MISSION TRIPS GIVE OPHTHALMIC PROFESSIONALS THE CHANCE TO PERFORM MIRACLES.
Giving the gift of sight abroad changed my life
by Katherine Burleson, Ophthalmic Technician
■ Working with John S. Parker, MD, in Birmingham, Ala. over the past two years has been a great pleasure. During this time, I have both worked as a technician and scheduled surgeries. I traveled with Dr. Parker in 2011 on his first mission trip to Baeza, Ecuador. I had only been working with him for about four months prior to going and got a crash course in screening patients prior to surgery. Over the course of a week, Dr. Parker performed many cataract extractions and cornea transplants. People traveled great distances, some many miles by foot, to have the opportunity to receive the gift of sight. Words cannot describe the joy we felt seeing the patients’ tears of joy as we removed their eye patches and revealed their new and improved vision. These moments remind us, not only of how fortunate we are to have access to these surgeries in the United States, but also of the ability we have to significantly impact the lives of others.
After greatly enjoying the mission trip to Ecuador, I jumped at the opportunity to accompany Dr. Parker to Granada, Nicaragua in 2013. Dr. Parker has been traveling to Granada for the past few years. We not only performed cataract and cornea surgeries, but we also spent time seeing patients who had received surgeries in the past. One of these patients in particular stood out. She received DMEK in 2012. Upon looking through the slit lamp, Dr. Parker told her that the surgery had gone so well, even he could hardly tell the DMEK had ever been done. Little did she know she had received a surgery that had only recently become available in the United States! To give people surgeries that are so scarcely in their part of the world is like performing miracles.
Despite being new to the field of ophthalmology, I have fallen in love. The two medical mission trips I have now been a part of have certainly been the greatest experiences of my life. I am now involved in fundraising for both groups, and have planned to travel to both Nicaragua and Ecuador next year. It is my greatest hope that more physicians, like Dr. Parker, will become involved in medical missions and share their many talents.
Left to right: Katherine Burleson (ophthalmic assistant), Andrea Vest (CRNA), Melissa Parker (Dr. Parker’s daughter), Gisella Mancarella (OR tech), Karen Burleson (Callahan Eye Hospital AVP).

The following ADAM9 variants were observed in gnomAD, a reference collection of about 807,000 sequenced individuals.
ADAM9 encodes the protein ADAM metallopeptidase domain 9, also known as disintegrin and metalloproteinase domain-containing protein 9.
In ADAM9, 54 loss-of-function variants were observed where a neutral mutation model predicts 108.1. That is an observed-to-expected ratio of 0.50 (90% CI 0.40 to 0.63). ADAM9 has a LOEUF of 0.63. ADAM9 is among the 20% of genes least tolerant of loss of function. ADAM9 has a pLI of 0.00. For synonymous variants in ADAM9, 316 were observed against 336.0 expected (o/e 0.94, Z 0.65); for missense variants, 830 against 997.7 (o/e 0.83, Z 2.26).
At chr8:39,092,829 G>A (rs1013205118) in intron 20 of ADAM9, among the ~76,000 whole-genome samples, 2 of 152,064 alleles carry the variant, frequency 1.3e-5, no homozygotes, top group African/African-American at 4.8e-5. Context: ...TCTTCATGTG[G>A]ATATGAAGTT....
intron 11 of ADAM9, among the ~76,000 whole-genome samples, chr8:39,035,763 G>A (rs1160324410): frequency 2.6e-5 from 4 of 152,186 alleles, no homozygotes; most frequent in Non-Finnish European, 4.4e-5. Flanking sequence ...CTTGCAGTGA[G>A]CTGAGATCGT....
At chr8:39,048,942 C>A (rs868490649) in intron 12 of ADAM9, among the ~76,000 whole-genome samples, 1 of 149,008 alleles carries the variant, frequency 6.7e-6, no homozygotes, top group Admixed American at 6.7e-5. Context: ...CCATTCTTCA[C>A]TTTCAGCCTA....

PROGRAM AIMS TO HELP EYE-CARE PRACTICES IMPROVE PERFORMANCES
AAO launches clinical data registry, IRIS, at 2013 meeting and online
by Bill Kekevian, Senior Associate Editor
■ The American Academy of Ophthalmology (AAO) formally launched the country’s first comprehensive eye disease registry at the group’s annual meeting in New Orleans in November.
The Intelligent Research in Sight, or IRIS, registry is a centralized collection and reporting software tool designed to collect uniform data about a variety of aspects of ophthalmic practice, including analytical benchmarking against peer practices, surgical procedures, and trend analysis.
The software will provide ophthalmology practices a platform by which to promote practice innovations, swap notes, and compare practices with peers, according to the AAO.
Clinical data registries have traditionally been disease specific, says AAO CEO David W. Parke II, MD, in a video presentation. By contrast, the IRIS registry will also measure how clinical performance stacks up against the practice’s objectives, according to Dr. Parke.
The goal, he says, is for AAO members to use recorded data to improving quality of care.
According to the AAO website, the registry:
■ Provides benchmark reports on quality of care issues.
■ Identifies opportunities for improvement
■ Serves as a library for clinically relevant data on diseases.
■ Identifies pay-for-performance incentives.
“We’re doing this now because the spread of electronic medical records now make it possible to develop an outpatient registry,” Dr. Parke says. Uploading data is automatic and will not require extra processes from staff, according to Dr. Parke.
For more information on the IRIS registry, previously recorded webinars, or to see Dr. Parke’s video, visit at the IRIS registry’s AAO homepage at www.aao.org/iris-registry.
■ Carl Zeiss Meditec, released a new glaucoma diagnostic and management software application, Forum Glaucoma Workplace. The software allows clinicians immediate access to visual field data, OCT scans, and fundus images to support glaucoma diagnosis and management.
■ The Gerald and Daphna Cramer Family Foundation has donated a $1.5 million gift commitment to The Glaucoma Foundation. The Glaucoma Foundation, which has invested some $5 million in researching a cure for glaucoma since 1984, says this is the largest single gift in its history.
■ Alfonse Cinotti, MD, FACS and David Noonan received JCAHPO’s Statesmanship Award. Dr. Cinotti was an original incorporator of JCAHPO in 1969. Mr. Noonan, COO of the American Academy of Ophthalmology for 37 years before retiring in 2009, was a strong supporter of JCAHPO. OP